[Dwight Howard] wants to be a champion. He has the talent and ability and desire to be a champion. But he isn’t a champion. Because he lost.
Per usual, society is sending mixed messages to our youth. On one hand, we tell children to play for the love of the game. We preach the importance of sportsmanship, of fairness and balance over the “win at all costs” mentality, of character and resilience over numbers on a scoreboard.
On the other hand, some writers like Mike Foss, quoted above, emphasize it’s the score alone that makes a champion. A champion, they’ll claim, is only the one who hoists the trophy. “There are many players who have won the NBA championships since 1947,” Foss asserts in a post yesterday on For The Win. “Those players are champions.”
I’d counter his strict understanding of the term “champion” with a long list of players, across leagues and levels of competition, who are indeed champions, yet have never taken home championship hardware. People like Lauren Hill, the college freshman and basketball player who tragically passed away earlier this year but not before courageously fighting to play the game she loved and raising millions of dollars to fund brain cancer research. Like Jake Olson, who chose to compete rather than be sidelined by blindness, and won a spot on the University of Southern California’s football team. Like Austin Hatch, who survived two plane crashes, lost most of his immediate family, suffered horrendous injury, but still put in the excruciatingly hard work to realize his dream of playing basketball for the University of Michigan.
Lauren didn’t win a championship. Neither did Jake, and neither did Austin. But they are all champions, despite lacking a league trophy, because they’ve inspired an awareness in others to something bigger than themselves. They’ve helped lift others up, helped others aspire to more, motivated those around them, and have given freely and genuinely of themselves. These are qualities that make for a true champion on and off the court. At the Institute for Sport, Spirituality and Character Development, we’ll always take a champion in life over a “champion” by score only.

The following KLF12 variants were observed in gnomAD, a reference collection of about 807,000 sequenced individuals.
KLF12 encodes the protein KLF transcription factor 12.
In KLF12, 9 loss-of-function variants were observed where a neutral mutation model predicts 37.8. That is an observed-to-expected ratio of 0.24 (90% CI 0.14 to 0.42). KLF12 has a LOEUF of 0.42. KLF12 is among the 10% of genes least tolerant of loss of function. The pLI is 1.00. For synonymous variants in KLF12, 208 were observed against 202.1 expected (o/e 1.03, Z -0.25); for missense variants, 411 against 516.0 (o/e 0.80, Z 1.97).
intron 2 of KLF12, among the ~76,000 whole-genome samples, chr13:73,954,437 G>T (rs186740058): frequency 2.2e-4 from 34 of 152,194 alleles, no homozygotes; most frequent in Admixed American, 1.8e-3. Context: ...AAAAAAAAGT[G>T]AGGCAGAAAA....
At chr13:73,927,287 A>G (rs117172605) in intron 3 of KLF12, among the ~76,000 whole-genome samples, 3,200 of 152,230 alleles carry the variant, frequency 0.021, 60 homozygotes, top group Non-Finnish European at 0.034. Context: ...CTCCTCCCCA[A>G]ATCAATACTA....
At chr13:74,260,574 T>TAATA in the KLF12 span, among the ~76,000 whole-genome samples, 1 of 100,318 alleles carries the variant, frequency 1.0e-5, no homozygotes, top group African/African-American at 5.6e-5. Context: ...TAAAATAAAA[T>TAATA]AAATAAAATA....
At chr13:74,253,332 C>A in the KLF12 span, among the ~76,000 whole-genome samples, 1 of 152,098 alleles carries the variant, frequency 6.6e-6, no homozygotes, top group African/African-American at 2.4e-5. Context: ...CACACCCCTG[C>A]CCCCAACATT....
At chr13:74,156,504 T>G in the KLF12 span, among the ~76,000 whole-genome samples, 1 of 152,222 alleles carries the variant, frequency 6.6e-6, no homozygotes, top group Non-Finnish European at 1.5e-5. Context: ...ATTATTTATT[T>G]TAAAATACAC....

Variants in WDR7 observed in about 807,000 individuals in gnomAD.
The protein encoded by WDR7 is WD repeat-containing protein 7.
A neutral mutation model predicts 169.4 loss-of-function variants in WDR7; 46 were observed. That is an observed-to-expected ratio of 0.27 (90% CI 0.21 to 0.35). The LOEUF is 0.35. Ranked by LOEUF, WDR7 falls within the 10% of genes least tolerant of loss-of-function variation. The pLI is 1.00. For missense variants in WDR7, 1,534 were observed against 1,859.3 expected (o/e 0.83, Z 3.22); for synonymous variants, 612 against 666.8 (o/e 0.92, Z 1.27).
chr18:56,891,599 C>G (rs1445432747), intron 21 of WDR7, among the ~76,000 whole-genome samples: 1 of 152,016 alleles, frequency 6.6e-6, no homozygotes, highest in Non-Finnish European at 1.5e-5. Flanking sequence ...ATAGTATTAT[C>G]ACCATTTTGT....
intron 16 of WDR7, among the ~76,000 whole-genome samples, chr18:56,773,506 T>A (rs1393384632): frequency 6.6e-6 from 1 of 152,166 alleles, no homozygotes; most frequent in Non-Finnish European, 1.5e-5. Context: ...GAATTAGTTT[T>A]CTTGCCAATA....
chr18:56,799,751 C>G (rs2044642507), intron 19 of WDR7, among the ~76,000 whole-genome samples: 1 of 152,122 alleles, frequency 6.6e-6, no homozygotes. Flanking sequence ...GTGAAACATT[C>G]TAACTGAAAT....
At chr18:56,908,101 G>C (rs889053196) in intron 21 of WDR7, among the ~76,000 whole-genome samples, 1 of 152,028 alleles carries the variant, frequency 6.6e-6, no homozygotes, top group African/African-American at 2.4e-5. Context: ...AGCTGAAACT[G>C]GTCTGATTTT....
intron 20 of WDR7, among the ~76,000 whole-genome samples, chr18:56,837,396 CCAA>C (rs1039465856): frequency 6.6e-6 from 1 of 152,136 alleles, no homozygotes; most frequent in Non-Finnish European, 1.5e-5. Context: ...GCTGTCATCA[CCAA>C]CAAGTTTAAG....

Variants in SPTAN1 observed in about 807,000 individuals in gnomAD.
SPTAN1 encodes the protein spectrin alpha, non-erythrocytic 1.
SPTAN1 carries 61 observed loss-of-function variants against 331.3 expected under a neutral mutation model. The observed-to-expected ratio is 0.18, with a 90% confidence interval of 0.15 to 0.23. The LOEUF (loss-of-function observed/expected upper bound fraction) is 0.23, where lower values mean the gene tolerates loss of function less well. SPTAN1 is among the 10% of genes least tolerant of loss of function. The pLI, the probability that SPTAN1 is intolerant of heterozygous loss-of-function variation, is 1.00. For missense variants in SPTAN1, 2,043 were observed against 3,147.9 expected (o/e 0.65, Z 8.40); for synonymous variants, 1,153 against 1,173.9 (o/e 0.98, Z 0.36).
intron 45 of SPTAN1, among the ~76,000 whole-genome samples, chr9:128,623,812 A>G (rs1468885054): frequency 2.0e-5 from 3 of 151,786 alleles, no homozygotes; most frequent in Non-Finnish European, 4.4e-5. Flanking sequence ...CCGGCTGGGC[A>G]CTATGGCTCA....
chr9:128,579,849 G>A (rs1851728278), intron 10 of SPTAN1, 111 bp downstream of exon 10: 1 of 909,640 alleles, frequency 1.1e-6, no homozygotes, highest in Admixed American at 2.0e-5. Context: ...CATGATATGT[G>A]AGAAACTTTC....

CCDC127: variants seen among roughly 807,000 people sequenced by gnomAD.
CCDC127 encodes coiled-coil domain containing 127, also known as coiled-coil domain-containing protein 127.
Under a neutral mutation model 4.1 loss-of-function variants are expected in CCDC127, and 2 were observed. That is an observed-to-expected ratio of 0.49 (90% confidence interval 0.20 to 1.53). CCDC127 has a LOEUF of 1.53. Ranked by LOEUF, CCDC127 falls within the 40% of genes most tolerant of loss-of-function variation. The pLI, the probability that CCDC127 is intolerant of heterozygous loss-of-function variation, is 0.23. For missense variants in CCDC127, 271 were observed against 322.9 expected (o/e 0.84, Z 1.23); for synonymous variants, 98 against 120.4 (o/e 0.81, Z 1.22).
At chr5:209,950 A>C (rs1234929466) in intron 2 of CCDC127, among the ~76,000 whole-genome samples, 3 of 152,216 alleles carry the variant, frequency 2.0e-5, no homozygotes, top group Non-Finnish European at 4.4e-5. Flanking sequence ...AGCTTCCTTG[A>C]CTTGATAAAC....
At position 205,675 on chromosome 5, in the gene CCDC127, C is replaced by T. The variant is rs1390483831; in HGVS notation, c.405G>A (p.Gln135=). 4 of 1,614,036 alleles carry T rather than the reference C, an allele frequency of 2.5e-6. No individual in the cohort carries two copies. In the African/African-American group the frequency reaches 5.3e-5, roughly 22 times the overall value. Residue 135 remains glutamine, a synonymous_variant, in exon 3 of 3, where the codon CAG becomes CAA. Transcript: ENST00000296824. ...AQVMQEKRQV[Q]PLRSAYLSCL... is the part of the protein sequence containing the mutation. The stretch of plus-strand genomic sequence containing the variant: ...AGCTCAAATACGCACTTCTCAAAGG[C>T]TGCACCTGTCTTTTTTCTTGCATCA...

This is obviously not a defense of Dwight Howard’s character. It is not an attempt to prove that he is, in fact, a champion (however we define the term). It is not an attempt to compare Howard to Lauren Hill, or Jake Olson, or Austin Hatch. Nor is it a defense of the “everyone gets a trophy” mentality that so many claim is diluting competition in youth sports.
It is, however, a call to stop sending mixed signals to children about what it takes to be a champion. A champion is not simply defined by a title bestowed upon him or her by an organized league, and one is not disqualified from champion status by losing a game. Character and sportsmanship count at every level of competition, and, most importantly, in life, where actions off the court matter far more than baskets.
Trophies tarnish. Championship character does not.